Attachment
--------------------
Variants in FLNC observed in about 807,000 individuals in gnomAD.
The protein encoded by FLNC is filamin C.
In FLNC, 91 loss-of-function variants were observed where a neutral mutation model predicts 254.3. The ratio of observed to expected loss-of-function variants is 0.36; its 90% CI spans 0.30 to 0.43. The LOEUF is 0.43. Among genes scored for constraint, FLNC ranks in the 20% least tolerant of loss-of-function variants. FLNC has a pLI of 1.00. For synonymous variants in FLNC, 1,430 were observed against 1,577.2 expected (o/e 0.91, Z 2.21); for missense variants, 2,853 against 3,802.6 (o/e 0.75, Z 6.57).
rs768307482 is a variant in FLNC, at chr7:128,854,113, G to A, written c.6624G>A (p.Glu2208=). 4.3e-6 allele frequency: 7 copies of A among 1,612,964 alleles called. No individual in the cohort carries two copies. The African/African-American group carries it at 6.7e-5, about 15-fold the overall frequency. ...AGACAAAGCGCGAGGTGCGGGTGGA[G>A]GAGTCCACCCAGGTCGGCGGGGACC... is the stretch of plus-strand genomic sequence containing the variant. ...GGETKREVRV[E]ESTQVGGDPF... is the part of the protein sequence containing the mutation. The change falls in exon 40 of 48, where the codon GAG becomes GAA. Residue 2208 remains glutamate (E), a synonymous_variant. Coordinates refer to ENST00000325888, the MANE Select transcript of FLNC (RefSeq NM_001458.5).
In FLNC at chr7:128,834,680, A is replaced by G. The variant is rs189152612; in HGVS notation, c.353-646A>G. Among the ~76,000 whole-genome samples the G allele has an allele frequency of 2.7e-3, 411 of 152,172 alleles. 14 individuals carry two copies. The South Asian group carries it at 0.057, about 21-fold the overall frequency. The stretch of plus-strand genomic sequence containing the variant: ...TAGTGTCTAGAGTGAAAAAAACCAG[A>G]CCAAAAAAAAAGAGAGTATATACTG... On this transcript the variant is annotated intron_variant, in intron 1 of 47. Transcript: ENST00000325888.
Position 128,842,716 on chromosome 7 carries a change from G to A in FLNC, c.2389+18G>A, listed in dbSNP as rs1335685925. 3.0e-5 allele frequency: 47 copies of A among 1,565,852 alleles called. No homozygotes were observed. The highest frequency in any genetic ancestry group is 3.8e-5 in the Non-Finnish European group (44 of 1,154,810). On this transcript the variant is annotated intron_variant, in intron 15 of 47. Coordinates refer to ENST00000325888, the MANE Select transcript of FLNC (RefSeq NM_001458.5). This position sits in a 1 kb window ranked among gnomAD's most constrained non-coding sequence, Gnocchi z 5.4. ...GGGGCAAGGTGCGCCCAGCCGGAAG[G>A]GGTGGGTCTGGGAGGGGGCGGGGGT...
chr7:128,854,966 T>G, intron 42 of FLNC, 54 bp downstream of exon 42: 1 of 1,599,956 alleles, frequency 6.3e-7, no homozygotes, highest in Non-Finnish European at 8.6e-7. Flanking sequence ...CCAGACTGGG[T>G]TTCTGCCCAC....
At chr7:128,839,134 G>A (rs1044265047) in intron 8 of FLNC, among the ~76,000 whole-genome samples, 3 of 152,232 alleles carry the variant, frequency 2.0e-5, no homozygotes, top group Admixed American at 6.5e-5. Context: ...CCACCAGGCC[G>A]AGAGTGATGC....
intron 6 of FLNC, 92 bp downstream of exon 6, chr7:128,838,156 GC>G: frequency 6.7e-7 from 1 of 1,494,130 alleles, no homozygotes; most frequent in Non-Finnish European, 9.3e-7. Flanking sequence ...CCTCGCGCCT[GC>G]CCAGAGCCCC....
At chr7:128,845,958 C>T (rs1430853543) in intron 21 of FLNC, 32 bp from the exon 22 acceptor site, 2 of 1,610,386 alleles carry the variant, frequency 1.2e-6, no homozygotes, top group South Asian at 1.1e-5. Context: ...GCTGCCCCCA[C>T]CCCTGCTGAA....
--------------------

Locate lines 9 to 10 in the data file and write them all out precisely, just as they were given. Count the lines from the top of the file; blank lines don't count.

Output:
intron 6 of FLNC, 92 bp downstream of exon 6, chr7:128,838,156 GC>G: frequency 6.7e-7 from 1 of 1,494,130 alleles, no homozygotes; most frequent in Non-Finnish European, 9.3e-7. Flanking sequence ...CCTCGCGCCT[GC>G]CCAGAGCCCC....
At chr7:128,845,958 C>T (rs1430853543) in intron 21 of FLNC, 32 bp from the exon 22 acceptor site, 2 of 1,610,386 alleles carry the variant, frequency 1.2e-6, no homozygotes, top group South Asian at 1.1e-5. Context: ...GCTGCCCCCA[C>T]CCCTGCTGAA....